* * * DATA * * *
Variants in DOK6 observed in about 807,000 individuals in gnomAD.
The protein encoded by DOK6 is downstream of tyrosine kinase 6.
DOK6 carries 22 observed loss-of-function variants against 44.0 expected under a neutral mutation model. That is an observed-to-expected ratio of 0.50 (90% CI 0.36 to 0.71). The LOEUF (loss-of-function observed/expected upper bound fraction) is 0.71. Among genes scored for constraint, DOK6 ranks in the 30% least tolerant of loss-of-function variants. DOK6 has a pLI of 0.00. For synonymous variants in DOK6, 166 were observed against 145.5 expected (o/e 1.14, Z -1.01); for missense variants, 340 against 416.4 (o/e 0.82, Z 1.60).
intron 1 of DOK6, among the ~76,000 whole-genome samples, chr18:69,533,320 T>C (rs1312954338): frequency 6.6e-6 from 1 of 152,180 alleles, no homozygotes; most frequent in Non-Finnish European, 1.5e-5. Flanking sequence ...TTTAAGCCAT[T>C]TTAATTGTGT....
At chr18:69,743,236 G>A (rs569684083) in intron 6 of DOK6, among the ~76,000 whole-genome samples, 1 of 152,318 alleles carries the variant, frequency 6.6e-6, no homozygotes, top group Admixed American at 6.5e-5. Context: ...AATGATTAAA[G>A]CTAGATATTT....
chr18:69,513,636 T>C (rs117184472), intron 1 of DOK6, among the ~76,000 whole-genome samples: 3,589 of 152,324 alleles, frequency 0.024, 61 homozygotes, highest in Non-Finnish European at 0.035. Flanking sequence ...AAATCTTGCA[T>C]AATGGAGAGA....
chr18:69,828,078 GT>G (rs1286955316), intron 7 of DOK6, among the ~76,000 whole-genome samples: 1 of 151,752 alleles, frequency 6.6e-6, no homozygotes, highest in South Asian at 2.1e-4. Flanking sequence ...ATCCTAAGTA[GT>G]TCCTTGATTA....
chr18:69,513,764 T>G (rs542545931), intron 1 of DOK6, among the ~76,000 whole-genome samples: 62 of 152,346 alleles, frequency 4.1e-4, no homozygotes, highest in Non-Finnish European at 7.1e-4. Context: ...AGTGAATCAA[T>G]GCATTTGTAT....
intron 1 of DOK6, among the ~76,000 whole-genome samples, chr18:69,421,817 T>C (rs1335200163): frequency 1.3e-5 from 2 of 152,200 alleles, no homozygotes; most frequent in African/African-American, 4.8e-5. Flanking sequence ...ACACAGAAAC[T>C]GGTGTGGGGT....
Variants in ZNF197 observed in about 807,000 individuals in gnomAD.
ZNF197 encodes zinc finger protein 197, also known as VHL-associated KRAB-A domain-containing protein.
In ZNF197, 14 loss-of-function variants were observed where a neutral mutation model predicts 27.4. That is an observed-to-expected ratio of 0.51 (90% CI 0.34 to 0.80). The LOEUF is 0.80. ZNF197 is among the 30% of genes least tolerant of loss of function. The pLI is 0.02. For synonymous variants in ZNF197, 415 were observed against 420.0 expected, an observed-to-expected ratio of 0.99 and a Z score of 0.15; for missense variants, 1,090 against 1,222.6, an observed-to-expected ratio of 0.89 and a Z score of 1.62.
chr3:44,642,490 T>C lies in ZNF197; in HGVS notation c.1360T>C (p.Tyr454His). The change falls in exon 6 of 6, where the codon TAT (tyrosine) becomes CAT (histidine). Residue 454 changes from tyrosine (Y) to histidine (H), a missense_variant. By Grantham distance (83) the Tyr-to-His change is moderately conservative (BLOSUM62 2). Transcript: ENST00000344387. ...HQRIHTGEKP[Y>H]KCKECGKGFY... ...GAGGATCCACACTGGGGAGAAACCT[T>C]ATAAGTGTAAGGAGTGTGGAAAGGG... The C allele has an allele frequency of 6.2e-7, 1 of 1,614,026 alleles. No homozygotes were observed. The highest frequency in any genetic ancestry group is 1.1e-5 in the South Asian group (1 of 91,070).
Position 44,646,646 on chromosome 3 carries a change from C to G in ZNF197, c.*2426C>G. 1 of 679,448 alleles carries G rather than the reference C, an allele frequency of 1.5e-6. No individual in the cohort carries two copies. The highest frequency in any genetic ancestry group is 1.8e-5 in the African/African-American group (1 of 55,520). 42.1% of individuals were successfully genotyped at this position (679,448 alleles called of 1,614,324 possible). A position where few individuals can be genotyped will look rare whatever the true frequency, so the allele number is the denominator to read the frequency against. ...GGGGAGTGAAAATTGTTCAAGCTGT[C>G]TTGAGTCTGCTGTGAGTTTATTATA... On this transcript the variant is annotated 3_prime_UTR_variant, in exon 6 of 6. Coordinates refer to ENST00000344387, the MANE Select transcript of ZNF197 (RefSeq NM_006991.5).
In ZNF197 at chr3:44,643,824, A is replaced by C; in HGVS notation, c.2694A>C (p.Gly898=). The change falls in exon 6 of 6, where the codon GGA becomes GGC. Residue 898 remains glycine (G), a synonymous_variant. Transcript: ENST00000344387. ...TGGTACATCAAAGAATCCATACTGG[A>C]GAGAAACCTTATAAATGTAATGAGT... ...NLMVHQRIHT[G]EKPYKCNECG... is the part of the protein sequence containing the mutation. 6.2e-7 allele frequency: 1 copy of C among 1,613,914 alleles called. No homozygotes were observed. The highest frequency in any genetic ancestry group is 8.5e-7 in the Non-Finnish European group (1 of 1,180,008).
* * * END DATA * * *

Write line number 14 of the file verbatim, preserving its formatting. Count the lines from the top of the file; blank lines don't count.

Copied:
Position 44,646,646 on chromosome 3 carries a change from C to G in ZNF197, c.*2426C>G. 1 of 679,448 alleles carries G rather than the reference C, an allele frequency of 1.5e-6. No individual in the cohort carries two copies. The highest frequency in any genetic ancestry group is 1.8e-5 in the African/African-American group (1 of 55,520). 42.1% of individuals were successfully genotyped at this position (679,448 alleles called of 1,614,324 possible). A position where few individuals can be genotyped will look rare whatever the true frequency, so the allele number is the denominator to read the frequency against. ...GGGGAGTGAAAATTGTTCAAGCTGT[C>G]TTGAGTCTGCTGTGAGTTTATTATA... On this transcript the variant is annotated 3_prime_UTR_variant, in exon 6 of 6. Coordinates refer to ENST00000344387, the MANE Select transcript of ZNF197 (RefSeq NM_006991.5).